Thursday, July 11, 2002

I guess everything is going to have to be titled NO SHIT
A long-awaited federal report on trans fat, a processed fat pervasive in cookies, crackers and fast food, finds there is no safe level and recommends that people eat as little of it as possible.
I wonder what we are going to do with all that corn?
A generation ago, when cardiologists waved Americans off saturated fats such as butter and beef tallow, partially hydrogenated oils became a preferred alternative. But during the late 1990s, researchers started to discover that trans fat could clog arteries as readily as saturated fat.

Wednesday's study reported that since trans fat occurs in so many types of food, including dairy products and meats, an all-out ban would be impractical and could lead to other nutritional problems. Instead, the study says trans fat consumption should be "as low as possible while consuming a nutritionally adequate diet."

This is the best part. Don't eat food -- it might be bad for you.

Also see the Times Magazine on Atkins (which claims that our new understanding of diet comes from a superior knowledge of endocrinology. See yesteday's HRT story for details.) It's full of juicy details, like "low-fat diets will increase the risk of heart disease in a third of the population." And this gem: "Surely, everyone involved in drafting the various dietary guidelines wanted Americans simply to eat less junk food, however you define it, and eat more the way they do in Berkeley, Calif." At what point will people realize that these "nutritionists" are completely full of shit? Why would anyone listen to them at this point?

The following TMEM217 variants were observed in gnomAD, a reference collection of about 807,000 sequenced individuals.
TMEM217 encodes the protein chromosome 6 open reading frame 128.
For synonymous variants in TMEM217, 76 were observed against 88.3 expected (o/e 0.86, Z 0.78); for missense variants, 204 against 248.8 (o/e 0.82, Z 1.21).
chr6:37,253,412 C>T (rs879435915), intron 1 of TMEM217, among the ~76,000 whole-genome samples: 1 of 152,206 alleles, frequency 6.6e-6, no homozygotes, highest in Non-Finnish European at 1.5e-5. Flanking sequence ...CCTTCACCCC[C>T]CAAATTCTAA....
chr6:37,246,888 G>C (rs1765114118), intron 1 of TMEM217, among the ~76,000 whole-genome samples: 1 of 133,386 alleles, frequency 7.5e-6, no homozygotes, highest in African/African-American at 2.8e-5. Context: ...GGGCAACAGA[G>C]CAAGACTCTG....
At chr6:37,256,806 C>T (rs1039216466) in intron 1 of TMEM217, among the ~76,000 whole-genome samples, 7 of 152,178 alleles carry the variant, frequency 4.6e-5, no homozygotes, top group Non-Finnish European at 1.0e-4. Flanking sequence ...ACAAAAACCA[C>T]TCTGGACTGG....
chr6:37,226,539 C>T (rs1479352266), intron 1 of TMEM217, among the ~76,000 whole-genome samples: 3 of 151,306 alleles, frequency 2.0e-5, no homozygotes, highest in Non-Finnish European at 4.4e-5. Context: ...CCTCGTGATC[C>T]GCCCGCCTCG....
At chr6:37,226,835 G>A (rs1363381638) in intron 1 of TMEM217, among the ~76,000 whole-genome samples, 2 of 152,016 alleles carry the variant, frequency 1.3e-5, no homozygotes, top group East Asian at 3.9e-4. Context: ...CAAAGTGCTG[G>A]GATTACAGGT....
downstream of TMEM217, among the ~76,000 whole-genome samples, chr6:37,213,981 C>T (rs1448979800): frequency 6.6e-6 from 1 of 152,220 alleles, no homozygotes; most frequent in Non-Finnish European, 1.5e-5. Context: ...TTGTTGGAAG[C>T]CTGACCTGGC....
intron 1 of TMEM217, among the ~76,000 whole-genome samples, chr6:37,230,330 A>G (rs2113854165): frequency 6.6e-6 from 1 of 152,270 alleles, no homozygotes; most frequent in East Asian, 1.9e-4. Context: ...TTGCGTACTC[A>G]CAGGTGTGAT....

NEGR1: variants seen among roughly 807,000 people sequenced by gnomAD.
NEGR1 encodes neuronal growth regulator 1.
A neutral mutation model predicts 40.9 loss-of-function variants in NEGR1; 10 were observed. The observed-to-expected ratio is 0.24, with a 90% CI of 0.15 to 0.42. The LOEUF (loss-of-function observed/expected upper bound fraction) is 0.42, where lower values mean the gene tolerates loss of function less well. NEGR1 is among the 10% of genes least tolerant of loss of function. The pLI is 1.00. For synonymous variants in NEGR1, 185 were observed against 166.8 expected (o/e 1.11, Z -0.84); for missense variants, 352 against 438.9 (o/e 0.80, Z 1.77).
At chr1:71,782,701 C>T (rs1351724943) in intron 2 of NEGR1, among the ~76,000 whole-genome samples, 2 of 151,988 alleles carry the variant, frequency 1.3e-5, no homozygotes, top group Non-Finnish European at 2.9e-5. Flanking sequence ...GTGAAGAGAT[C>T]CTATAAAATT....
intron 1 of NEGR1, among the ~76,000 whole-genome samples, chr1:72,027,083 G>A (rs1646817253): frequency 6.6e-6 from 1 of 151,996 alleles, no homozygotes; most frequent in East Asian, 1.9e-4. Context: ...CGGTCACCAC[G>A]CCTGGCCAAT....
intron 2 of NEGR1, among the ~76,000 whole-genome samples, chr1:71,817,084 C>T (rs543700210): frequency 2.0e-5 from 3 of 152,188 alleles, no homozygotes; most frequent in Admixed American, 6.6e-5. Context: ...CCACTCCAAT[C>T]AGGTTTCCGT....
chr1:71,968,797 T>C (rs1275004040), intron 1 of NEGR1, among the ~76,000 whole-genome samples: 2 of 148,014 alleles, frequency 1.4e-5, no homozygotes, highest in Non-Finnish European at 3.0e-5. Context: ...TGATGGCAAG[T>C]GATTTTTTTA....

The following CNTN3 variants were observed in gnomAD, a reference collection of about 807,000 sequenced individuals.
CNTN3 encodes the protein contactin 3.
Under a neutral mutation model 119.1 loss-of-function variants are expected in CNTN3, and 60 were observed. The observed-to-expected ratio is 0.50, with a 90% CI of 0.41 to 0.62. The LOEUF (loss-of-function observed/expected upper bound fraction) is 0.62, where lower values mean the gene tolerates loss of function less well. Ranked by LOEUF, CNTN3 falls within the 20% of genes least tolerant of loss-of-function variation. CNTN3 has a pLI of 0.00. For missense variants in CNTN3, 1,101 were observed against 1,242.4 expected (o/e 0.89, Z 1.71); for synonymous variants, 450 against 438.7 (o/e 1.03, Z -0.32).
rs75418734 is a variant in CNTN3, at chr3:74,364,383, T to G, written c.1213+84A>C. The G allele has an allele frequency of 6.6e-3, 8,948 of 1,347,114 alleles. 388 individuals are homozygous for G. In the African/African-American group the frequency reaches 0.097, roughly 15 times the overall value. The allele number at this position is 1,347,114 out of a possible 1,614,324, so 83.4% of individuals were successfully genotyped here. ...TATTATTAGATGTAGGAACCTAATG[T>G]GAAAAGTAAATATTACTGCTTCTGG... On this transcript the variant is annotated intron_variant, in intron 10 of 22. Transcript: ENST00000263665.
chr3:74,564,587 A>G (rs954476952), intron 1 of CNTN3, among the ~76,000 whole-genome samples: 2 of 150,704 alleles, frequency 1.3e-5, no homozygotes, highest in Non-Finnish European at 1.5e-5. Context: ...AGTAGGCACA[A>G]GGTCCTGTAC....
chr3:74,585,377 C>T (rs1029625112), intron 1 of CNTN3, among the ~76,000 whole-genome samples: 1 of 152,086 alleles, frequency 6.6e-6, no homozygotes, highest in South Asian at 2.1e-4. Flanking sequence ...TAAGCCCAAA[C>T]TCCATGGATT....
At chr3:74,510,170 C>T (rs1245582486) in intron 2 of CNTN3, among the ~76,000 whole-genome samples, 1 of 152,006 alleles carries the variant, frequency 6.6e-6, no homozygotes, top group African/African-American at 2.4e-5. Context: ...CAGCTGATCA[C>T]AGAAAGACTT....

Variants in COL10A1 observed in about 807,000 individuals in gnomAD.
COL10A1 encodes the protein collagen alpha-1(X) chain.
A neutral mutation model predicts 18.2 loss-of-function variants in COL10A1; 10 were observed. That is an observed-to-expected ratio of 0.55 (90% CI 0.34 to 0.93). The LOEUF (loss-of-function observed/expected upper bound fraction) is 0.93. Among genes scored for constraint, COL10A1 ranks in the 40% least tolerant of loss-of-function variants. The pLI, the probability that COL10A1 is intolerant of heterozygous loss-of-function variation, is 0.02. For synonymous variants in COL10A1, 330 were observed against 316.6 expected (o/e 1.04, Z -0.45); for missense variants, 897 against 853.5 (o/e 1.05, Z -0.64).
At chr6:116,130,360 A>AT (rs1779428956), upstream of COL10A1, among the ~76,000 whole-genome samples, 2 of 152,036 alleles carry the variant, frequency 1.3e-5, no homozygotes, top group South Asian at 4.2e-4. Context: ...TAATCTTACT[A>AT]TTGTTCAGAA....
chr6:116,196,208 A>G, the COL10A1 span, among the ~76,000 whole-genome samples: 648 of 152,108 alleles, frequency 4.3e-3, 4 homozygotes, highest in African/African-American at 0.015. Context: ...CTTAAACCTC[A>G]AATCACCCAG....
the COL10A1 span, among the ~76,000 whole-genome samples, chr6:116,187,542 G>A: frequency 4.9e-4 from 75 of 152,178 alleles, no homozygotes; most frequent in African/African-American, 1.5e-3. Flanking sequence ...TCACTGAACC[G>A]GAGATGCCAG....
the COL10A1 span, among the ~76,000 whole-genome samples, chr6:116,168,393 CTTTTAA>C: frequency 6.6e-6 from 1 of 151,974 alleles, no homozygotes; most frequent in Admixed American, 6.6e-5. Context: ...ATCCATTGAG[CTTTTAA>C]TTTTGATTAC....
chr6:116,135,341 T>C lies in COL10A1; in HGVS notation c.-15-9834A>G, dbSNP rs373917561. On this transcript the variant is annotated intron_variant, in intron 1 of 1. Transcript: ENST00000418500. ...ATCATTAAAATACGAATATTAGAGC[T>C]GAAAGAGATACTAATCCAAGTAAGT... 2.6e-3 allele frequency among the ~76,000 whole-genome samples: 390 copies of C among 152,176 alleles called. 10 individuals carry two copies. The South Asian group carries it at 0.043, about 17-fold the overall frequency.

Kristina provides some tranny background:

Nutritionists are revisiting tropical palm and coconut oils, which may not be as bad as once thought and could actually have cancer-fighting properties. Healthier canola and sunflower oils that remain stable at high temperatures are coming onto the market. New seed oil crops are being bred to produce oils that don't need hydrogenation.

"Biotechnology holds great promise for us," Earl says.

Includes a discussion of "Syndrome X."

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